Bubonic plague

Bubonic plague

About Bubonic plague

Bubonic plague is a zoonotic disease, circulating mainly among small rodents and their fleas, and is one of three types of bacterial infections caused by Yersinia pestis (formerly known as Pasteurella pestis), which belongs to the family Enterobacteriaceae. Without treatment, the bubonic plague kills about two thirds of infected humans within 4 days. The term bubonic plague is derived from the Greek word , meaning 'groin.' Swollen lymph nodes (buboes) especially occur in the armpit and groin in persons suffering from bubonic plague. Bubonic plague was often used synonymously for plague, but it does in fact refer specifically to an infection that enters through the skin and travels through the lymphatics, as is often seen in flea-borne infections. Bubonic plaguealong with the septicemic plague and the pneumonic plague, which are the two other manifestations of Y.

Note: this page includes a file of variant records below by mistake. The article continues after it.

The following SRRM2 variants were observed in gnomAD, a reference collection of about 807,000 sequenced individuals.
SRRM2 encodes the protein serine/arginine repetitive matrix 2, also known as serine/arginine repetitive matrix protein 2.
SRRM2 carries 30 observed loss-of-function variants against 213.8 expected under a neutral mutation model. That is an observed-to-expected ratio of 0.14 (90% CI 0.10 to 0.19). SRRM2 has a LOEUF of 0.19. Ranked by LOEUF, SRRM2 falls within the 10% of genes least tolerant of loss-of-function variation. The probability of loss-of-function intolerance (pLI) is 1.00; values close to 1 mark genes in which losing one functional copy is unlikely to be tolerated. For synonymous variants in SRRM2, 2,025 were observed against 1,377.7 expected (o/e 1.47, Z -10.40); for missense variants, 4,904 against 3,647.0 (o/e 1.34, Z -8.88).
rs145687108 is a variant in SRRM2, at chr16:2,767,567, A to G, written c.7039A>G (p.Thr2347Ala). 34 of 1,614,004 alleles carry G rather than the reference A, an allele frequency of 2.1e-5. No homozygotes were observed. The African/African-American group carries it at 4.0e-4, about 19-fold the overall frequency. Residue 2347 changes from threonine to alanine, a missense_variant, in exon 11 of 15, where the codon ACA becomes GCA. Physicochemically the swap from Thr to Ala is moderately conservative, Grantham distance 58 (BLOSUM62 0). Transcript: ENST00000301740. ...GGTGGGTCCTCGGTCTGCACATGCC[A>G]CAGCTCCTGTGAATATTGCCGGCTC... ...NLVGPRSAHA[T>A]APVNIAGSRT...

Contributions by Wisdom89, ClueBot, and 68.92.235.171.